Race Machine gives students a new face

The booth, called the “Human Race Machine,” is part of Emerson’s Fifth Annual Forum on the State of Diversity, hosted by the Center for Diversity.,On April 11, Emerson students will be able to sit in a photo booth and see what they would look like as members of a different race.

The booth, called the “Human Race Machine,” is part of Emerson’s Fifth Annual Forum on the State of Diversity, hosted by the Center for Diversity.

The theme is: “The World and Emerson College Are Changing. Are You?”

Gloria Noronha-Peschau, a staff assistant at the Center for Diversity, said the Human Race Machine, which has been used in previous diversity forums, will promote thought and put participants in someone else’s shoes.

“It could be taken one of two ways,” she said. “On the surface level answering curiosity as to ‘What would I look like?’ Or, on a deeper level, giving students an introspective look as to how their lives would be impacted.”

Noronha-Peschau said the event is also about reflection.

“I think diversity is overrated,” said sophomore writing, literature and publishing major Malinda Davis. “Yeah, we should have different kinds of people, but I think it would be best if we didn’t have to have meetings about it.”

Davis said that a diversity council emphasizes the difference between races, furthering the problem.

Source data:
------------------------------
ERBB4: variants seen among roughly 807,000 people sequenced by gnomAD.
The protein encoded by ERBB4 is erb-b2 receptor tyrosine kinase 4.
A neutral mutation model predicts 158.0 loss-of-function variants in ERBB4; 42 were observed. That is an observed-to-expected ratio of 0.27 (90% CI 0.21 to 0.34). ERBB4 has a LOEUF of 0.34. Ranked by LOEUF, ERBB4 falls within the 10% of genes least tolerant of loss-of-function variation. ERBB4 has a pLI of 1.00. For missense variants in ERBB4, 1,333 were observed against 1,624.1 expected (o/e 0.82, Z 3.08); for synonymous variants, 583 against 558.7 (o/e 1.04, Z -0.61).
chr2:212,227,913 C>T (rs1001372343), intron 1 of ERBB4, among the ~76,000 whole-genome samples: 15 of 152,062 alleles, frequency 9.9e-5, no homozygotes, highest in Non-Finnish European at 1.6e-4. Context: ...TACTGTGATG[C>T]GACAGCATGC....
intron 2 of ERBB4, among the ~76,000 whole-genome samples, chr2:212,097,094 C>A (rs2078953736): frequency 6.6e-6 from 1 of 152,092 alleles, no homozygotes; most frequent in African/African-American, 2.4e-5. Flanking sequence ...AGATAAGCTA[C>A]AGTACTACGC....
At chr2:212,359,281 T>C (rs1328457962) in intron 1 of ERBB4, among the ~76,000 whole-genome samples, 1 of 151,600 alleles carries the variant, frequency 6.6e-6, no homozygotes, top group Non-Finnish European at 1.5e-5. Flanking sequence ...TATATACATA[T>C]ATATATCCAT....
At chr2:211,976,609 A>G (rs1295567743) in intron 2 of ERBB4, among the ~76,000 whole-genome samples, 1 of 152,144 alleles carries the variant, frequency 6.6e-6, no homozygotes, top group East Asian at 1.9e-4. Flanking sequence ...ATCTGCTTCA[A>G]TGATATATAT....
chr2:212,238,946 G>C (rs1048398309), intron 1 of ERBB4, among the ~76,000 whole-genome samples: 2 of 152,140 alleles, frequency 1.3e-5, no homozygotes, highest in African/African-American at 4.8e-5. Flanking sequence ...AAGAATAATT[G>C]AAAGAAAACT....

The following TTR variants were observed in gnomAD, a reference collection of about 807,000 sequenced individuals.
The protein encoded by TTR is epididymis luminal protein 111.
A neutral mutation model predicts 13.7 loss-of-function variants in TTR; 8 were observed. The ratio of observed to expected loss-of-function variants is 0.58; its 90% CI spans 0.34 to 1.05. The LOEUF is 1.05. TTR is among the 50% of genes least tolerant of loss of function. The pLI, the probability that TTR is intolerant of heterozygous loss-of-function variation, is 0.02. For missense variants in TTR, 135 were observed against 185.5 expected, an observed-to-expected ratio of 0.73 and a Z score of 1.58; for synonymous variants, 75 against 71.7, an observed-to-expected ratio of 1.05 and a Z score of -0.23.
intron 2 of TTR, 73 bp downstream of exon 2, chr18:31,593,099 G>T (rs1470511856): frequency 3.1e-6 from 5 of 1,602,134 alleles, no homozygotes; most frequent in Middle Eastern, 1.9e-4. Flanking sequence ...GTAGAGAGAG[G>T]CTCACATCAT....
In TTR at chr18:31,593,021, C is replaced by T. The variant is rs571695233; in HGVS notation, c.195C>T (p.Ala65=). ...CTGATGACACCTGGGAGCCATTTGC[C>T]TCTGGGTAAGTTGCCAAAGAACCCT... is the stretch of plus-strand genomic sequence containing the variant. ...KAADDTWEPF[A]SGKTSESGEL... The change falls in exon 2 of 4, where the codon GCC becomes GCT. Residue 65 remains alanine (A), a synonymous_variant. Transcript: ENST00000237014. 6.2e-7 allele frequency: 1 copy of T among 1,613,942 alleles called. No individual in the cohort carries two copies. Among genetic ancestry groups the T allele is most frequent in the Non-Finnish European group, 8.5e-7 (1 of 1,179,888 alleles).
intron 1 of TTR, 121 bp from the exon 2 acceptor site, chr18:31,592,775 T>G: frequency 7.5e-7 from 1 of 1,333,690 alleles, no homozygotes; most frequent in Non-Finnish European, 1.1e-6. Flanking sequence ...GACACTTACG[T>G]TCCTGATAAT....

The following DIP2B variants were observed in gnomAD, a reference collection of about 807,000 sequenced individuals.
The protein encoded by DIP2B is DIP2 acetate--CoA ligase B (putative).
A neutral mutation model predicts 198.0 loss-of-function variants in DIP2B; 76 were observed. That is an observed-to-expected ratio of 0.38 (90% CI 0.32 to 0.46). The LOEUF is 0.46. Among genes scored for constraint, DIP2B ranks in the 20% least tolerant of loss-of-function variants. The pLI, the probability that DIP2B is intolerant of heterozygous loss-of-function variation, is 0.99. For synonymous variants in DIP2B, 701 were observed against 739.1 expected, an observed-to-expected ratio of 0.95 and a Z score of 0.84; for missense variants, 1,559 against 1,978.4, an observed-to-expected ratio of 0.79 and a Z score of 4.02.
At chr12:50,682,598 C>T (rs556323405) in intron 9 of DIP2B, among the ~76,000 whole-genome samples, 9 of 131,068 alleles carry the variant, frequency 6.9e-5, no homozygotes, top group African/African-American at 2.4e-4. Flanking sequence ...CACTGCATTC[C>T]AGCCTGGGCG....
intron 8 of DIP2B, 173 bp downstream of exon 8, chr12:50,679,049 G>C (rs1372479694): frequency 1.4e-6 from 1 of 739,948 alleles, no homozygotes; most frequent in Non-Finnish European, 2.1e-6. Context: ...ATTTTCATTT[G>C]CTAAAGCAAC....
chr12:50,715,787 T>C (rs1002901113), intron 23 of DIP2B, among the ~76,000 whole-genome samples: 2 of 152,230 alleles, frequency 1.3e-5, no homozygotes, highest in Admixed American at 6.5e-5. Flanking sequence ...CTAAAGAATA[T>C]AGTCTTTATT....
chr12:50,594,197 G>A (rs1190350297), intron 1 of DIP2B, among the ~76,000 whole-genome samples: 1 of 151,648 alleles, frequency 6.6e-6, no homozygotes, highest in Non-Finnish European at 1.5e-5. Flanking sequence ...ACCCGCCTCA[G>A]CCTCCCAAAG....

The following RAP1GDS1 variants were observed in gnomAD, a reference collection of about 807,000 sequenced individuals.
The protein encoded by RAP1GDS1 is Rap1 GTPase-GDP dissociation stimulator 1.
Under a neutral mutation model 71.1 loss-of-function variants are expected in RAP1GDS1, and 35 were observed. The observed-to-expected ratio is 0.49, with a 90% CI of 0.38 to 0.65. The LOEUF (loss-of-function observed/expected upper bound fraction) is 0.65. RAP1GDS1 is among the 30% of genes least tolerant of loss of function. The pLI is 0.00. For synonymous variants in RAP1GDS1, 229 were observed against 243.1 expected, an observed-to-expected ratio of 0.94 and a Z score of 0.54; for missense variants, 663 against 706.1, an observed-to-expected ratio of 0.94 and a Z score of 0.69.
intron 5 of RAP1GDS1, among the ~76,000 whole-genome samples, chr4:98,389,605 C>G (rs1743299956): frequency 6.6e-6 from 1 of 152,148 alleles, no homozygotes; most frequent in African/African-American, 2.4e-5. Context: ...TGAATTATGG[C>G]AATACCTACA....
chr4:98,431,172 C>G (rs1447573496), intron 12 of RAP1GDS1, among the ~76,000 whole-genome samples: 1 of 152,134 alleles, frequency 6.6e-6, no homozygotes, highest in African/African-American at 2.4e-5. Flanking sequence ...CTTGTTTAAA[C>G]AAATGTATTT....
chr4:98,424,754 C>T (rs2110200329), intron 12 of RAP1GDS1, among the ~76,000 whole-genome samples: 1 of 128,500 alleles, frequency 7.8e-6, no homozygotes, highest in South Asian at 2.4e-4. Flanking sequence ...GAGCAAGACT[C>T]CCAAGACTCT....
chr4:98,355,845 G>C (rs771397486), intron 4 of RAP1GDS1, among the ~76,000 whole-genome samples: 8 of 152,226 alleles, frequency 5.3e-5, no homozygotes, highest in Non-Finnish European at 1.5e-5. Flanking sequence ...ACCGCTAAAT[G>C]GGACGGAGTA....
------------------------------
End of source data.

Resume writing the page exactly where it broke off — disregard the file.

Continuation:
“Why not just be humans?” Davis said. “I’m people. You’re people. We’re all people. Get over your color.”

She said she thinks events like the Forum on the State of Diversity go too far however.

Seth Brown said this and past events like Campus Conversations on Race, helped him to better grasp of how minorities are treated.

“If people think that it’s insulting their intelligence, then they don’t have to go,” Brown, a sophomore film production major said. “It’s not forced.”

The event will host panels during the week intended to take students’ thoughts on diversity a step further, and will include discussions of current events and will also play host to guest lecturers.

Other events include a poetry slam that allows listeners to talk back, a dance contest modeled around the ABC show “Dancing with the Stars” and a performance of the play Rant! written and directed by Emerson junior screenwriting major Paloma Valenzuela.

Junior television/video major Brook Runyan said he feels problems with diversity at Emerson do not reflect student awareness, but rather Emerson’s recruiting, admissions and financial aid.

“The students have been talking about the lack of diversity at Emerson for years,” he said. “It is Emerson that needs to change.”

Emerson’s student body is 76.1 percent Caucasian, 6.1 percent Hispanic, 4.2 percent Asian, 2.7 percent black, 2.5 percent international and .6 percent American Indian, according to statistics published on Emerson’s Web site.